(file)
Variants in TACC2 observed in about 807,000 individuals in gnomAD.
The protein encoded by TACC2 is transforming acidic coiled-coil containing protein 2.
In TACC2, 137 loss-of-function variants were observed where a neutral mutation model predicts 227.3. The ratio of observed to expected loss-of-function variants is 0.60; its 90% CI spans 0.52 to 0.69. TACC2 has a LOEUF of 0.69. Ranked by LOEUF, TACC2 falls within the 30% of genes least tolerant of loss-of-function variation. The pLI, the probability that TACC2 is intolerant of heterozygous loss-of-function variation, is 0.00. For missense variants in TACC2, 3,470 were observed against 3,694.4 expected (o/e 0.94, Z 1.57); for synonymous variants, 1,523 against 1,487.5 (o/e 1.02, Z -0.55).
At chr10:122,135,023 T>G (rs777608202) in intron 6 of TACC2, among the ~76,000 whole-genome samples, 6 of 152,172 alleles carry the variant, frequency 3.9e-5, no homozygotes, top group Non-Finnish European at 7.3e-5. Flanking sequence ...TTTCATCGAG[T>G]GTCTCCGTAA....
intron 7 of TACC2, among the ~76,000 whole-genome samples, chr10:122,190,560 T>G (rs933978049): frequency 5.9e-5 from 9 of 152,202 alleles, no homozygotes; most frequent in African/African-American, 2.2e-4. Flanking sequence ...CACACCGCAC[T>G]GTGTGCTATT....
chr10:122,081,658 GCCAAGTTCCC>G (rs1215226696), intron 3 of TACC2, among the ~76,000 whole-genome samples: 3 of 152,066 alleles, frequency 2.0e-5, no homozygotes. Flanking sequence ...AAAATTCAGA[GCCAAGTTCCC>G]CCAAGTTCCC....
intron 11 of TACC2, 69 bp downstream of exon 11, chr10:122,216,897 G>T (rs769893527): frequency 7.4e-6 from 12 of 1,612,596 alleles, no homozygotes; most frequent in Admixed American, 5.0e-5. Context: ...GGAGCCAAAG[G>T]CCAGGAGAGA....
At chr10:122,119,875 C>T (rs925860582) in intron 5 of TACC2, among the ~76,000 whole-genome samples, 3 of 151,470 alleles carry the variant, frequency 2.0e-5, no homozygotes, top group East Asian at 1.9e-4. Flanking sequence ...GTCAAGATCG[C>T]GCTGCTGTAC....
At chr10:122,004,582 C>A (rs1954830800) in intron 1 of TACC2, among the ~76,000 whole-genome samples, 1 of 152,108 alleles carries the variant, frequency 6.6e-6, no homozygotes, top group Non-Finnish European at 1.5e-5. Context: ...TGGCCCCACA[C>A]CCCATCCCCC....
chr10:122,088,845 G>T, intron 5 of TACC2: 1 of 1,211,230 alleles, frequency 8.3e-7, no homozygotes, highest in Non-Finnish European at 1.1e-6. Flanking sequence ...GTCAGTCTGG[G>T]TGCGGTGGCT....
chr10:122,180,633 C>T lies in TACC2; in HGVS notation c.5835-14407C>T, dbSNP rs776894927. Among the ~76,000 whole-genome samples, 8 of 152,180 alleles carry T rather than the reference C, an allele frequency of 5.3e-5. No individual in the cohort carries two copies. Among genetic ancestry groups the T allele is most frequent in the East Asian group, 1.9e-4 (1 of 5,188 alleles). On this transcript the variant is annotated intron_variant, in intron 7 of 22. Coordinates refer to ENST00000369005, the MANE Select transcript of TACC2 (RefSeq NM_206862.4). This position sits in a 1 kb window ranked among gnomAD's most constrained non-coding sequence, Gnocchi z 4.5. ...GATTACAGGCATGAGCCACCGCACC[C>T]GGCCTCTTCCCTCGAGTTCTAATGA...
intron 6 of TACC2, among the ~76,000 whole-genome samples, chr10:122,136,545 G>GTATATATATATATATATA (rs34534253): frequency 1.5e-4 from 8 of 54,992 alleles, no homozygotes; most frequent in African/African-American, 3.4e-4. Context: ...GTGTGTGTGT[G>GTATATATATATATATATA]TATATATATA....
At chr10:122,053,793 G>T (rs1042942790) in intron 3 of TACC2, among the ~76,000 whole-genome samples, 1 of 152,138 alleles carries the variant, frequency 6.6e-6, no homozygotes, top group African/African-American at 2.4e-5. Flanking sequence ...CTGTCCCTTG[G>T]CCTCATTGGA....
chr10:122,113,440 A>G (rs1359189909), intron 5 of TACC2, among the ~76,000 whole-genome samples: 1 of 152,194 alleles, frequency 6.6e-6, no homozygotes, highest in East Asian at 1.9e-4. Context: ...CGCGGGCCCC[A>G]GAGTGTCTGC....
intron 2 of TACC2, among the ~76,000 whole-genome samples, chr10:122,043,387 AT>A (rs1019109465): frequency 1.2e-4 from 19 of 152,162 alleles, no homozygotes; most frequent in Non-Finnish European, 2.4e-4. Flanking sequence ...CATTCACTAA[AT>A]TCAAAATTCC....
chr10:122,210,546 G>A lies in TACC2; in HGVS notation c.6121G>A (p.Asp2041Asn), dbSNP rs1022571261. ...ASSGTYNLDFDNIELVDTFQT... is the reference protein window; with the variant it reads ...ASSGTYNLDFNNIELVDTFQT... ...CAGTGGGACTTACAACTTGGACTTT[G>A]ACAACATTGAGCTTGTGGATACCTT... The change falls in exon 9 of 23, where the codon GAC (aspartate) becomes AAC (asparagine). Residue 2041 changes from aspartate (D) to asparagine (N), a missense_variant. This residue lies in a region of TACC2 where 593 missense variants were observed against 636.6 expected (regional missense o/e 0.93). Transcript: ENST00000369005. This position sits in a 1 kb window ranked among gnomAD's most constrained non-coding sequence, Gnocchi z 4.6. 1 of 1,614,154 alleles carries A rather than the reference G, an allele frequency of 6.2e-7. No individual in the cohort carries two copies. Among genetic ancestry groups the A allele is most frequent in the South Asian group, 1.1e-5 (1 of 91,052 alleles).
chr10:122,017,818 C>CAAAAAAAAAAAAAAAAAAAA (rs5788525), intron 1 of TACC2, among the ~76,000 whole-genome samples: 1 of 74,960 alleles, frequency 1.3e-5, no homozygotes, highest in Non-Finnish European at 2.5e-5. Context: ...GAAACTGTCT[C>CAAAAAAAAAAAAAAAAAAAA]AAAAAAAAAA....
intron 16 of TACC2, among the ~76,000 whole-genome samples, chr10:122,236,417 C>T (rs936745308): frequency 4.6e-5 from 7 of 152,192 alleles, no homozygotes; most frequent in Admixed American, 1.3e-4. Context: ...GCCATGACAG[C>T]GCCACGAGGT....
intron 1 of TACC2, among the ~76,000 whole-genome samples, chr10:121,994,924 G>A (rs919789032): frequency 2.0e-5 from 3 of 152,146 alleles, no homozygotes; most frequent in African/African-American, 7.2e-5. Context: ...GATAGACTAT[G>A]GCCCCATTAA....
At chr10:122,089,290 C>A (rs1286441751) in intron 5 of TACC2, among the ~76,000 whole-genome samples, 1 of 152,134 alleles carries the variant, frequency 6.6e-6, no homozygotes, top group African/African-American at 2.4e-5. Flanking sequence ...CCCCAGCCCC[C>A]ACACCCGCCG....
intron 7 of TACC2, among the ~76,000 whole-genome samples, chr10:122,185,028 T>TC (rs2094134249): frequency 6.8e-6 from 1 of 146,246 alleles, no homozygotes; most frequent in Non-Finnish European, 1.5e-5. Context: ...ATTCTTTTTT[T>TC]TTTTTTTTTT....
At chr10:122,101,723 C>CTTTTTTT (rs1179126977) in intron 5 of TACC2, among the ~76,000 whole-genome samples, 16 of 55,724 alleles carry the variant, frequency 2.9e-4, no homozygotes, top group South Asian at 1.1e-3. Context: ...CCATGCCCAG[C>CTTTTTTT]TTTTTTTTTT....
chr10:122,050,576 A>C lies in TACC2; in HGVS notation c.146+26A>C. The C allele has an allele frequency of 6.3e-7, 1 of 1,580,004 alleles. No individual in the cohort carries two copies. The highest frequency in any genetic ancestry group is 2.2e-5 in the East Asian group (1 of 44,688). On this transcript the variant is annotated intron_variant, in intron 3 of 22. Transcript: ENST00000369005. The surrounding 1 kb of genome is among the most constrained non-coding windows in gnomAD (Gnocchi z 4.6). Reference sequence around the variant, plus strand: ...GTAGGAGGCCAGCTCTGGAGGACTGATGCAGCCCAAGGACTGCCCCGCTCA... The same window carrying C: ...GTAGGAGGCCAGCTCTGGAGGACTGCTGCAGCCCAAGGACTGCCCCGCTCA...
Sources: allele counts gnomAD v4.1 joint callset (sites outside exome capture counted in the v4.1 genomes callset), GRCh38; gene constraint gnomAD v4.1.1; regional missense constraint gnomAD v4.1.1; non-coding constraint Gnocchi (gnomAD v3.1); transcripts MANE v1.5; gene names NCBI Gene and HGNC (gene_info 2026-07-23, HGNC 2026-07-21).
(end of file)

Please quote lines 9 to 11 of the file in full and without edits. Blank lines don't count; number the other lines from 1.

At chr10:122,004,582 C>A (rs1954830800) in intron 1 of TACC2, among the ~76,000 whole-genome samples, 1 of 152,108 alleles carries the variant, frequency 6.6e-6, no homozygotes, top group Non-Finnish European at 1.5e-5. Context: ...TGGCCCCACA[C>A]CCCATCCCCC....
chr10:122,088,845 G>T, intron 5 of TACC2: 1 of 1,211,230 alleles, frequency 8.3e-7, no homozygotes, highest in Non-Finnish European at 1.1e-6. Flanking sequence ...GTCAGTCTGG[G>T]TGCGGTGGCT....
chr10:122,180,633 C>T lies in TACC2; in HGVS notation c.5835-14407C>T, dbSNP rs776894927. Among the ~76,000 whole-genome samples, 8 of 152,180 alleles carry T rather than the reference C, an allele frequency of 5.3e-5. No individual in the cohort carries two copies. Among genetic ancestry groups the T allele is most frequent in the East Asian group, 1.9e-4 (1 of 5,188 alleles). On this transcript the variant is annotated intron_variant, in intron 7 of 22. Coordinates refer to ENST00000369005, the MANE Select transcript of TACC2 (RefSeq NM_206862.4). This position sits in a 1 kb window ranked among gnomAD's most constrained non-coding sequence, Gnocchi z 4.5. ...GATTACAGGCATGAGCCACCGCACC[C>T]GGCCTCTTCCCTCGAGTTCTAATGA...